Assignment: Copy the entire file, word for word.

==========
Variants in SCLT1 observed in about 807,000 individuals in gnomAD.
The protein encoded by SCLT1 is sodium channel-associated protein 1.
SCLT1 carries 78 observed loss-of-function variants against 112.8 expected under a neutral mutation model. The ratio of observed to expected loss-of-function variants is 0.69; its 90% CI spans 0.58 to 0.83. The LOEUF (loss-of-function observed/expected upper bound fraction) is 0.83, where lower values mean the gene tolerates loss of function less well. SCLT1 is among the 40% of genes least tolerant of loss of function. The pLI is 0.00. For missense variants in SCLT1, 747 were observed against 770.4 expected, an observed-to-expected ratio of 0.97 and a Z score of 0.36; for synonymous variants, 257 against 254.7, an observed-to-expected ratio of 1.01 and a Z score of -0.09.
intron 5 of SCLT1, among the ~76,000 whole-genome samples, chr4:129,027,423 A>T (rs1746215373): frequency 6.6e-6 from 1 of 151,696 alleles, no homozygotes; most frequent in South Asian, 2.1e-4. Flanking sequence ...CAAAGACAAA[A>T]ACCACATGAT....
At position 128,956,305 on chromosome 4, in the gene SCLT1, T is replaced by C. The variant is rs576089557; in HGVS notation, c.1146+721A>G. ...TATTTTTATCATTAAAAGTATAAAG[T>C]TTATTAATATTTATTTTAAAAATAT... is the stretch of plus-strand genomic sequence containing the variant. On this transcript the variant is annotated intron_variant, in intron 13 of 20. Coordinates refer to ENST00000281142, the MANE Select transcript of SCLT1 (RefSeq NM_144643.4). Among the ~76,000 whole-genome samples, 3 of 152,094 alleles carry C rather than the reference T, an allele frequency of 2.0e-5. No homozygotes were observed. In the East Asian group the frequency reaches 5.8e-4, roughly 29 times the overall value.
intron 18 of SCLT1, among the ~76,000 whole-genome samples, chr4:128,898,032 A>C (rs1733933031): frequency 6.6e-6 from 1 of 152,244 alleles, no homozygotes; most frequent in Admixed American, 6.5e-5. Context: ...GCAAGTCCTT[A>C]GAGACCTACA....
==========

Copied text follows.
Variants in SCLT1 observed in about 807,000 individuals in gnomAD.
The protein encoded by SCLT1 is sodium channel-associated protein 1.
SCLT1 carries 78 observed loss-of-function variants against 112.8 expected under a neutral mutation model. The ratio of observed to expected loss-of-function variants is 0.69; its 90% CI spans 0.58 to 0.83. The LOEUF (loss-of-function observed/expected upper bound fraction) is 0.83, where lower values mean the gene tolerates loss of function less well. SCLT1 is among the 40% of genes least tolerant of loss of function. The pLI is 0.00. For missense variants in SCLT1, 747 were observed against 770.4 expected, an observed-to-expected ratio of 0.97 and a Z score of 0.36; for synonymous variants, 257 against 254.7, an observed-to-expected ratio of 1.01 and a Z score of -0.09.
intron 5 of SCLT1, among the ~76,000 whole-genome samples, chr4:129,027,423 A>T (rs1746215373): frequency 6.6e-6 from 1 of 151,696 alleles, no homozygotes; most frequent in South Asian, 2.1e-4. Flanking sequence ...CAAAGACAAA[A>T]ACCACATGAT....
At position 128,956,305 on chromosome 4, in the gene SCLT1, T is replaced by C. The variant is rs576089557; in HGVS notation, c.1146+721A>G. ...TATTTTTATCATTAAAAGTATAAAG[T>C]TTATTAATATTTATTTTAAAAATAT... is the stretch of plus-strand genomic sequence containing the variant. On this transcript the variant is annotated intron_variant, in intron 13 of 20. Coordinates refer to ENST00000281142, the MANE Select transcript of SCLT1 (RefSeq NM_144643.4). Among the ~76,000 whole-genome samples, 3 of 152,094 alleles carry C rather than the reference T, an allele frequency of 2.0e-5. No homozygotes were observed. In the East Asian group the frequency reaches 5.8e-4, roughly 29 times the overall value.
intron 18 of SCLT1, among the ~76,000 whole-genome samples, chr4:128,898,032 A>C (rs1733933031): frequency 6.6e-6 from 1 of 152,244 alleles, no homozygotes; most frequent in Admixed American, 6.5e-5. Context: ...GCAAGTCCTT[A>C]GAGACCTACA....